Permission to smile

Permission to smile

When I was little and out for a walk with my mum, she would greet everyone we met with a cheerful “Hello!”, accompanied with a bright smile. We would walk on for several metres and then she'd turn to me and say, “You never know when you might be the only person to speak to someone all day”. Quite soon I could say it before she did.

At first I remember her being a little defensive, as though I might be embarrassed. Then it became a narrative we shared with a smile. A knowing smile. What we knew was that this didn't come naturally to her. A quiet, softly spoken lady with a troop of children who must have sapped most of her energy. But there was still enough for a “hello” and a smile. I wasn't embarrassed. Just struck by this conscious decision to bring a tiny ray of sunshine into the life of someone who might appreciate it. I do remember thinking that it was something for the old people. I identified the elderly as a group who might particularly need to see friendliness from a stranger.

I know a little more now. It isn't just the elderly who need a smile and a hello. It's the young mum who is out for a desperate walk, whose little ones are delightful and precious, but with whom conversation is limited and whose partner won't be home for hours and hours, or perhaps is navigating family life independently. It's the guy in the street who's boss yelled at him all morning and hasn't heard a friendly word from anyone. It's the school teacher who has been talking all day to noisy kids, or the nurse who asked everyone else how they are, but was never asked the same back.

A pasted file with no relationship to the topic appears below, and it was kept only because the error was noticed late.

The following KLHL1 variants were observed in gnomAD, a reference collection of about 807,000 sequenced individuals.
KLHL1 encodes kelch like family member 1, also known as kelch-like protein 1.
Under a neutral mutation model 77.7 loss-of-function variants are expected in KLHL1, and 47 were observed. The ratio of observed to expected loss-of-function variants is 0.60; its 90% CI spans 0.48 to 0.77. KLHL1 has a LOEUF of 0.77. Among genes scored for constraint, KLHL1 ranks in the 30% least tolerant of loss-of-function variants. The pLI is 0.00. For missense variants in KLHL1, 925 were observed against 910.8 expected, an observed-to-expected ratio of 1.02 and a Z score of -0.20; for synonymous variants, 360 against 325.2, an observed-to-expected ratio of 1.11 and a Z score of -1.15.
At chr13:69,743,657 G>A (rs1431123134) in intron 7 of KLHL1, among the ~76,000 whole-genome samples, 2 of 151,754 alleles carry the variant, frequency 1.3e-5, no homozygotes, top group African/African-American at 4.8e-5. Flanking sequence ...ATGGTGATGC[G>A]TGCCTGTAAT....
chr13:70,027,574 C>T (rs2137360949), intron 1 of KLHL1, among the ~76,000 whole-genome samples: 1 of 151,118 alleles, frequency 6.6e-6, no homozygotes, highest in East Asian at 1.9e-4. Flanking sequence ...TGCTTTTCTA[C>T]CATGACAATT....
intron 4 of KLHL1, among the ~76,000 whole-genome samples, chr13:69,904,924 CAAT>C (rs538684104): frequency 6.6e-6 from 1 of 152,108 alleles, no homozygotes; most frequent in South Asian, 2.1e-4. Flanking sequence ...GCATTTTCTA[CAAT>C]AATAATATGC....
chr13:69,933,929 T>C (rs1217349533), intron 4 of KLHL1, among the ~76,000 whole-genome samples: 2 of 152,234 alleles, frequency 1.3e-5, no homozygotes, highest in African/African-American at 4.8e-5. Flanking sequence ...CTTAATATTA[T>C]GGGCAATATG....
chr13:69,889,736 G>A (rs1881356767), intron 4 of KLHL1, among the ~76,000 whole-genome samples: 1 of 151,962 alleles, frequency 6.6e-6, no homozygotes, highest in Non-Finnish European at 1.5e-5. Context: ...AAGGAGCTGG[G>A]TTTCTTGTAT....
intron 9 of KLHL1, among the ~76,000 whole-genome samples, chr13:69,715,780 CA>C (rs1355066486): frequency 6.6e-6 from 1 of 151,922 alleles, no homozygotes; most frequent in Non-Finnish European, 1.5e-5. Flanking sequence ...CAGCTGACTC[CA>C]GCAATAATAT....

Loneliness is turning up as a big concern in the media a lot at the moment, and it's something we need to be thinking about. Our society has become one permeated with suspicion and one where keeping your head down and eyes on your phone can see like the normal way to interact with the world. But these are active choices and we can make different ones.


Join the Campaign

There's a campaign going on across Birmingham, UK at the moment called Permission to Smile which is about this small, tiny thing we can all do to make our world a little friendlier, just a bit smilier. Bring in just a little more sunshine. There are other, bigger things to get involved in, but here's something to begin with today. And if the other person is wearing Lucy and Yaks, then I think there's permission for a high five too!

My mum had a poem up on their toilet wall. I think I learned it by heart during my time in there! It started with “a smile costs nothing, but gives much”. I don't think that's quite true. A smile can cost a lot. It can be a big effort. It isn't always an easy thing. But it can make a difference and it's worth it.
Smiling wearing our Bobbie Tee